The Act addresses stigma & discrimination and strives to create an enabling environment for enhancing access to services. It provides for diagnostic facilities related to ART and opportunistic infection management to people living with HIV and AIDS.

8. Pulse Polio Programme

  • Pulse Polio Immunization programme was launched in India in 1995.
  • Children in the age group of 0-5 years administered polio drops during National and Sub-national immunization rounds (in high risk areas) every year.
  • The last polio case in the country was reported from Howrah district of West Bengal with date of onset 13th January 2011. Thereafter no polio case has been reported in the country (25th May 2012).
  • WHO on 24th February 2012 removed India from the list of countries with active endemic wild polio virus transmission.

Objective :

The Pulse Polio Initiative was started with an objective of achieving hundred per cent coverage under Oral Polio Vaccine.

National Immunization Day (NID) commonly known as Pulse Polio Immunization programme was launched in India in 1995, and is conducted twice in early part of each year. Additionally multiple rounds (at least two) of sub national immunization day (SNID) have been conducted over the years in high risk states/areas. In these campaigns, children in the age group of 0-5 years are administered polio drops.

1. South-East Asia Region of WHO including India has been certified polio free by “The Regional Certification Commission (RCC)” on 27th March 2014.

2. India reported its last polio case from district Howrah, West Bengal on 13th January, 2011.

3. WHO on 24th February 2012 removed India from the list of “endemic countries with active polio virus transmission”

Steps taken by the Government to maintain polio free status in India

  • Maintaining community immunity through high quality National and Sub National polio rounds each year.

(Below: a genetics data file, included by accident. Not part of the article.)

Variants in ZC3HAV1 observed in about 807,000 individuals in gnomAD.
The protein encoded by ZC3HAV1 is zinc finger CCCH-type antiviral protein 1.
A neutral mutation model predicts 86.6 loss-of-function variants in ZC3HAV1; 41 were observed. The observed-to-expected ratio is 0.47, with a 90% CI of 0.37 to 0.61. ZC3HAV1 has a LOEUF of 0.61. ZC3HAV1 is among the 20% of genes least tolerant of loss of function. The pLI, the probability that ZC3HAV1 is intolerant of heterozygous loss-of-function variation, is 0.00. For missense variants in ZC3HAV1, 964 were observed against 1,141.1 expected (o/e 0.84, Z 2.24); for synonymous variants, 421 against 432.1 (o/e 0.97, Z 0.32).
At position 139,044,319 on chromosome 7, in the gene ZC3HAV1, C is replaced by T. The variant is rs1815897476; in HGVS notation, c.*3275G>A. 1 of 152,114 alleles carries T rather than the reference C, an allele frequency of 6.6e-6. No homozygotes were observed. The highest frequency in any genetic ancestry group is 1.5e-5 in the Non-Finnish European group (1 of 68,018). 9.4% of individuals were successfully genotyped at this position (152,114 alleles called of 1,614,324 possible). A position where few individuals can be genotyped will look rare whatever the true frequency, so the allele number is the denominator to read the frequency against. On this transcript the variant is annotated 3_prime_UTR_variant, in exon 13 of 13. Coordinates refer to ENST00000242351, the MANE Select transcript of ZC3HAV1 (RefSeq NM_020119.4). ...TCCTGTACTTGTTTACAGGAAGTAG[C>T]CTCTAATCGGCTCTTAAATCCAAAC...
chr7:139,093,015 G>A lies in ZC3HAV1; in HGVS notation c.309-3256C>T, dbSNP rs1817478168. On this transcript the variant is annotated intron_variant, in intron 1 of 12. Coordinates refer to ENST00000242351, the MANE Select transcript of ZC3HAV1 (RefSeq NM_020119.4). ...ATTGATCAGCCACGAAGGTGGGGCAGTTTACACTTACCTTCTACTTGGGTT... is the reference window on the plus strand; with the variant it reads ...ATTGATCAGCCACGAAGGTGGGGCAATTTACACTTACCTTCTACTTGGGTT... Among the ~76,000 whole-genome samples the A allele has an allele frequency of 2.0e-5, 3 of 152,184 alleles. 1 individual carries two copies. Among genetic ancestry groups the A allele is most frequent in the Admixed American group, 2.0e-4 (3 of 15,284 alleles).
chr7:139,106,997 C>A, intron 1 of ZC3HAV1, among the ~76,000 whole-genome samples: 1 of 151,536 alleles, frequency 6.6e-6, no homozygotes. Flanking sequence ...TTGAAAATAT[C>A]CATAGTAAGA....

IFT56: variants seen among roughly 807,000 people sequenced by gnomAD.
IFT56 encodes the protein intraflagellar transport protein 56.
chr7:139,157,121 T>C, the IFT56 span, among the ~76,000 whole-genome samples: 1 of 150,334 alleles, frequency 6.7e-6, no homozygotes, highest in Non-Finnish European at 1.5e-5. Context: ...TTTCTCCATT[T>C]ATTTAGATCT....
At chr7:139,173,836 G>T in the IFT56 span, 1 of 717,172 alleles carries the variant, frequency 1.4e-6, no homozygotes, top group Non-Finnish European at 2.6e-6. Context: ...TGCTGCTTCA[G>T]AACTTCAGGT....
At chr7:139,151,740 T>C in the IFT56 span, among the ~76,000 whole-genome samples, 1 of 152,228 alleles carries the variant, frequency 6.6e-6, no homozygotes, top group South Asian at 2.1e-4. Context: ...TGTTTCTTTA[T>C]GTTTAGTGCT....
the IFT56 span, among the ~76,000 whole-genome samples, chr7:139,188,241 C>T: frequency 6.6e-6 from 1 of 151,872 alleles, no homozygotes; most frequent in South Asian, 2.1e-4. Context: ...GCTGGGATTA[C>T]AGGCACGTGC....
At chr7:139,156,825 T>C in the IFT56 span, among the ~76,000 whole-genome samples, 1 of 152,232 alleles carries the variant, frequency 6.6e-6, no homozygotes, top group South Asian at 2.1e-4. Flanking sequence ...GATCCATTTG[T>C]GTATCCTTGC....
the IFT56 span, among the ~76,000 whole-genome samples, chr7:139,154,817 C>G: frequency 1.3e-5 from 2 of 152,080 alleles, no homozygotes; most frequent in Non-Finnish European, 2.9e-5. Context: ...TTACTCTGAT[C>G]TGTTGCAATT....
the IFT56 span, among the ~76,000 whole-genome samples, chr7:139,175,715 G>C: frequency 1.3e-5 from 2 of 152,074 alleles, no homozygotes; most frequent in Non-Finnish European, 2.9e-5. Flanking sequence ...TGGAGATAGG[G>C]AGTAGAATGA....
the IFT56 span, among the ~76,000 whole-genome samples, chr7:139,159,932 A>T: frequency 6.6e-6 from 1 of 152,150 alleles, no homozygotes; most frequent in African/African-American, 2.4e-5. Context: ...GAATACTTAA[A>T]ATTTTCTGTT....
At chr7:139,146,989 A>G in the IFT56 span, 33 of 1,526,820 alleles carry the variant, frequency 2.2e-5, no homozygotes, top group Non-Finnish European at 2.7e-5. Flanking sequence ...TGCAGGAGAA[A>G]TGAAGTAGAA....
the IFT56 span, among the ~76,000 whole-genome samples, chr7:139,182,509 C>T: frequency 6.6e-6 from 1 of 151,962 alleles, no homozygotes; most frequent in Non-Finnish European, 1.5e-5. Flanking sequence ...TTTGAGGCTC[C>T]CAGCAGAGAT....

• An extremely high level of vigilance through surveillance across the country for any importation or circulation of poliovirus and VDPV is being maintained. Environmental surveillance (sewage sampling) have been established to detect poliovirus transmission and as a surrogate indicator of the progress as well for any programmatic interventions strategically in Mumbai, Delhi, Patna, Kolkata Punjab and Gujarat.
  • All States and Union Territories in the country have developed a Rapid Response Team (RRT) to respond to any polio outbreak in the country. An Emergency Preparedness and Response Plan (EPRP) has also been developed  by  all  States  indicating  steps  to  be  undertaken  in  case  of detection of a polio case.
  • To reduce risk of importation from neighbouring countries, international border vaccination is being provided through continuous vaccination teams (CVT) to all eligible children round the clock. These are provided through special booths set up at the international borders that India shares with Pakistan, Bangladesh, Bhutan Nepal and Myanmar.
  • Government of India has issued guidelines for mandatory requirement of polio vaccination to all international travelers before their departure from India to polio affected countries namely:  Afghanistan, Nigeria, Pakistan, Ethiopia, Kenya, Somalia, Syria and Cameroon. The mandatory requirement is effective for travellers from 1st March 2014.
  • A rolling emergency stock of OPV is being maintained to respond to detection/importation of wild poliovirus (WPV) or emergence of circulating vaccine derived poliovirus (cVDPV).
  • National Technical Advisory Group on Immunization (NTAGI) has recommended Injectable Polio Vaccine (IPV) introduction as an additional dose along with 3rd dose of DPT in the entire country in the last quarter of 2015 as a part of polio endgame strategy.

National Viral Hepatitis Control Program

National Programme on Containment of Anti-Microbial Resistance

National Rabies Control Program